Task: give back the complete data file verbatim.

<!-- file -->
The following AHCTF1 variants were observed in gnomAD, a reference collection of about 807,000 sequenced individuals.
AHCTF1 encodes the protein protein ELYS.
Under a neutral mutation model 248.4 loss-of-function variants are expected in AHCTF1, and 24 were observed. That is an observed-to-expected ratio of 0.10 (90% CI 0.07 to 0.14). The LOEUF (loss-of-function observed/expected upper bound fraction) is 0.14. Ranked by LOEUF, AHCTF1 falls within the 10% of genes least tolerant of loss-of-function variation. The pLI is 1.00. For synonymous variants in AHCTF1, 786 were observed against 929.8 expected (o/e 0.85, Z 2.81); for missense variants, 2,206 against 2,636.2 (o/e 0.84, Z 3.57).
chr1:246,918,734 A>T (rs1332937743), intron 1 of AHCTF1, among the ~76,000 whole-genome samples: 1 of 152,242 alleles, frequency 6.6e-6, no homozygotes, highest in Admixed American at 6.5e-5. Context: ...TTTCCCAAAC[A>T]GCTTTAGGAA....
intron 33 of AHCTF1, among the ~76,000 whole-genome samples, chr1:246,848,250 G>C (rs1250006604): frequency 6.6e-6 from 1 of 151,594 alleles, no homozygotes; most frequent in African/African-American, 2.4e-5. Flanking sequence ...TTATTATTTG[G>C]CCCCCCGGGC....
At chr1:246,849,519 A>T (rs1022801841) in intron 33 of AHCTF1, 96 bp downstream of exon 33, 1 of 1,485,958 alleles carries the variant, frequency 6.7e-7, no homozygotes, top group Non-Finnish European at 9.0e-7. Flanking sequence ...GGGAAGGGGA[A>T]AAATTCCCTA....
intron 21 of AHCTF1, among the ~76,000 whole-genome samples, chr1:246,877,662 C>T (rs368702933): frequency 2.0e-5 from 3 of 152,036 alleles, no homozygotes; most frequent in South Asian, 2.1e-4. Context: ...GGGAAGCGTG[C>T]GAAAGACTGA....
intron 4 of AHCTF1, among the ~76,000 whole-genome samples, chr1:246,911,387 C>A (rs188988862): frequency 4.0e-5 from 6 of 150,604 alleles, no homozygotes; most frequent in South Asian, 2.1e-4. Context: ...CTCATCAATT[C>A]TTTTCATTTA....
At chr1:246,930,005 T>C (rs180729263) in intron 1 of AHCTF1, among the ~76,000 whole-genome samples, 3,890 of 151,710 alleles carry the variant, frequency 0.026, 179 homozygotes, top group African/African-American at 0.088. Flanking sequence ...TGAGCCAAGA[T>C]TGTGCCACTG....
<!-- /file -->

The following AHCTF1 variants were observed in gnomAD, a reference collection of about 807,000 sequenced individuals.
AHCTF1 encodes the protein protein ELYS.
Under a neutral mutation model 248.4 loss-of-function variants are expected in AHCTF1, and 24 were observed. That is an observed-to-expected ratio of 0.10 (90% CI 0.07 to 0.14). The LOEUF (loss-of-function observed/expected upper bound fraction) is 0.14. Ranked by LOEUF, AHCTF1 falls within the 10% of genes least tolerant of loss-of-function variation. The pLI is 1.00. For synonymous variants in AHCTF1, 786 were observed against 929.8 expected (o/e 0.85, Z 2.81); for missense variants, 2,206 against 2,636.2 (o/e 0.84, Z 3.57).
chr1:246,918,734 A>T (rs1332937743), intron 1 of AHCTF1, among the ~76,000 whole-genome samples: 1 of 152,242 alleles, frequency 6.6e-6, no homozygotes, highest in Admixed American at 6.5e-5. Context: ...TTTCCCAAAC[A>T]GCTTTAGGAA....
intron 33 of AHCTF1, among the ~76,000 whole-genome samples, chr1:246,848,250 G>C (rs1250006604): frequency 6.6e-6 from 1 of 151,594 alleles, no homozygotes; most frequent in African/African-American, 2.4e-5. Flanking sequence ...TTATTATTTG[G>C]CCCCCCGGGC....
At chr1:246,849,519 A>T (rs1022801841) in intron 33 of AHCTF1, 96 bp downstream of exon 33, 1 of 1,485,958 alleles carries the variant, frequency 6.7e-7, no homozygotes, top group Non-Finnish European at 9.0e-7. Flanking sequence ...GGGAAGGGGA[A>T]AAATTCCCTA....
intron 21 of AHCTF1, among the ~76,000 whole-genome samples, chr1:246,877,662 C>T (rs368702933): frequency 2.0e-5 from 3 of 152,036 alleles, no homozygotes; most frequent in South Asian, 2.1e-4. Context: ...GGGAAGCGTG[C>T]GAAAGACTGA....
intron 4 of AHCTF1, among the ~76,000 whole-genome samples, chr1:246,911,387 C>A (rs188988862): frequency 4.0e-5 from 6 of 150,604 alleles, no homozygotes; most frequent in South Asian, 2.1e-4. Context: ...CTCATCAATT[C>A]TTTTCATTTA....
At chr1:246,930,005 T>C (rs180729263) in intron 1 of AHCTF1, among the ~76,000 whole-genome samples, 3,890 of 151,710 alleles carry the variant, frequency 0.026, 179 homozygotes, top group African/African-American at 0.088. Flanking sequence ...TGAGCCAAGA[T>C]TGTGCCACTG....